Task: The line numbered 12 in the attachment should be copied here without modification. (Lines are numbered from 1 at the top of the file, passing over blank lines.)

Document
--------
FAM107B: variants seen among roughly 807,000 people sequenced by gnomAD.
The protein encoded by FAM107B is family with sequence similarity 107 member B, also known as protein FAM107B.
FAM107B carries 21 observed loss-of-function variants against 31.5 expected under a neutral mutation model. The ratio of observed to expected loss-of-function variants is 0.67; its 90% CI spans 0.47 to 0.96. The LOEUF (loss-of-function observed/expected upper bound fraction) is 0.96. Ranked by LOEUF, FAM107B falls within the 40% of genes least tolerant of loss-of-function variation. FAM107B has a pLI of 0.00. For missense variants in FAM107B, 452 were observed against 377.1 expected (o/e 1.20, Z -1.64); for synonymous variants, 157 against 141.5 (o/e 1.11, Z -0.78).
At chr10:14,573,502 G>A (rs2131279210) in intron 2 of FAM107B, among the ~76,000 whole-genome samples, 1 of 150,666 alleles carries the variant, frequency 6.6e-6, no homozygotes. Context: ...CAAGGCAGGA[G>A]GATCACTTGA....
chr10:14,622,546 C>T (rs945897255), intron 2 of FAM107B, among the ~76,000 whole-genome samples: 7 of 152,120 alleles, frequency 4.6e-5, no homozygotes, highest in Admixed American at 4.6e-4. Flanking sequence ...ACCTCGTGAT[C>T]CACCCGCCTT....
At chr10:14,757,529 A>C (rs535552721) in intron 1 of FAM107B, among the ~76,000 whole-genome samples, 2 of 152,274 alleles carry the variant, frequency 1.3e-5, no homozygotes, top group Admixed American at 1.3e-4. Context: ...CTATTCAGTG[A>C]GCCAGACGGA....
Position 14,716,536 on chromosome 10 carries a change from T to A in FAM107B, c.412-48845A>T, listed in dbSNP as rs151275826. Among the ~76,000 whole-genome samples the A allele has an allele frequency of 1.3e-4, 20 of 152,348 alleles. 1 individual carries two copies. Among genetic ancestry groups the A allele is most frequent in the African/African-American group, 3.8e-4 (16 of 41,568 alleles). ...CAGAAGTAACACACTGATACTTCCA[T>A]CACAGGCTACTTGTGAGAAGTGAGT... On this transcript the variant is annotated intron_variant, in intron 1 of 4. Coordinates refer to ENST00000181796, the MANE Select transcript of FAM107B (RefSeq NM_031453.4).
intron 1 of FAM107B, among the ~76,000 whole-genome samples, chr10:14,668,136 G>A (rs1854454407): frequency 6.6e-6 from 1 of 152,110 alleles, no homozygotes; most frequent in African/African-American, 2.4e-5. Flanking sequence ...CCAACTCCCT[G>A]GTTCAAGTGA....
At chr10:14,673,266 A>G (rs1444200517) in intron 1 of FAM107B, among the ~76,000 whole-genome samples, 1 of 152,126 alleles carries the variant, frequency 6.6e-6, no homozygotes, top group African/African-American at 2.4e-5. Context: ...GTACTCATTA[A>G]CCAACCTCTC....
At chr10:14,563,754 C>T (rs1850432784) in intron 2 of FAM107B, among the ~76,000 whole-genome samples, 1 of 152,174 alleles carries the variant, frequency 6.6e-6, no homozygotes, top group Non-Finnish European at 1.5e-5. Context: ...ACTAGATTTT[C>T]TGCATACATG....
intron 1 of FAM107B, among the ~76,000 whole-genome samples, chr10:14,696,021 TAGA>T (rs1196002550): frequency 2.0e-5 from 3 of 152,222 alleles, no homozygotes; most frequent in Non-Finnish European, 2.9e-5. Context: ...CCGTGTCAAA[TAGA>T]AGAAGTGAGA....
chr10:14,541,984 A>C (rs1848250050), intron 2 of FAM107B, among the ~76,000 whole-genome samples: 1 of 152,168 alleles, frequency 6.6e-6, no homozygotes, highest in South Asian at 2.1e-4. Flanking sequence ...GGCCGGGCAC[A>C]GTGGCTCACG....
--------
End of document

chr10:14,541,984 A>C (rs1848250050), intron 2 of FAM107B, among the ~76,000 whole-genome samples: 1 of 152,168 alleles, frequency 6.6e-6, no homozygotes, highest in South Asian at 2.1e-4. Flanking sequence ...GGCCGGGCAC[A>C]GTGGCTCACG....